This example demonstrates the use of the TDFS method (Time Domain Frequency Sweep) to measure the input impedance of a switching DC/DC power converter. The converter circuit is identical to the design shown in the companion example: “Step-Down (Buck) DC to DC Converter - Switching”.

In this example, the TDFS impedance measurement model applies a 12V DC bias to the line input, in addition to a sinusoidal stimulus with 3V peak amplitude, and a frequency range from 3 kHz to 30 kHz. The input current is measured and the impedance vs. frequency is computed.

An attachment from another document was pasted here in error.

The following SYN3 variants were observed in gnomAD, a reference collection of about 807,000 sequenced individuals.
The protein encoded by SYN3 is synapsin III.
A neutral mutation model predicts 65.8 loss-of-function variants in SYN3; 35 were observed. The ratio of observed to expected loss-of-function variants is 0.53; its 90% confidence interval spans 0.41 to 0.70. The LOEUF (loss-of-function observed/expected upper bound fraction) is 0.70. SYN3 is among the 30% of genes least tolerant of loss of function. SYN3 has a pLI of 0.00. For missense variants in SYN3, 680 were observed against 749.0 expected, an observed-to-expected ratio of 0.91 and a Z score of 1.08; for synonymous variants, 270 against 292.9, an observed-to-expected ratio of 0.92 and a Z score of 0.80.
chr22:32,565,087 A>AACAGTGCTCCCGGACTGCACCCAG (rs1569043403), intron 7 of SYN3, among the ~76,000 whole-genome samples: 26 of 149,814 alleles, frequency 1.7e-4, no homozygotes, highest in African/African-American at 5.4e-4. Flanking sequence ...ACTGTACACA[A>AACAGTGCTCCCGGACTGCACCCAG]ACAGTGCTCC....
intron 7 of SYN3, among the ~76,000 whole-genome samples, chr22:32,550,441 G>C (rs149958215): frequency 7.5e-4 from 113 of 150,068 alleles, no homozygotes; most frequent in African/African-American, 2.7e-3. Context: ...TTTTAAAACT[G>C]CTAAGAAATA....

The results show that the impedance magnitude (blue waveform) is approximately 5.0 Ohms at low frequency, This is approximately the reflected value of the 1 Ohm load resistor, multiplied by the effective DC/DC conversion ratio squared:

1 Ohm * (12.0/5.0)**2 = 5.76 Ohm

The phase measurement (red waveform) shows -175 degrees at low frequency, indicating that this is effectively a "negative resistance". That is, the input current decreases when the line voltage increases. This behavior can be observed directly in the time domain waveforms, where the line voltage (brown waveform) and the input current (green waveform) are almost completely out of phase at 3 kHz.

This negative impedance, or constant power load characteristic, can be destabilizing in power distribution systems. This will be demonstrated in a related design, and in Part 3 of the TDFS Blog Series, coming soon!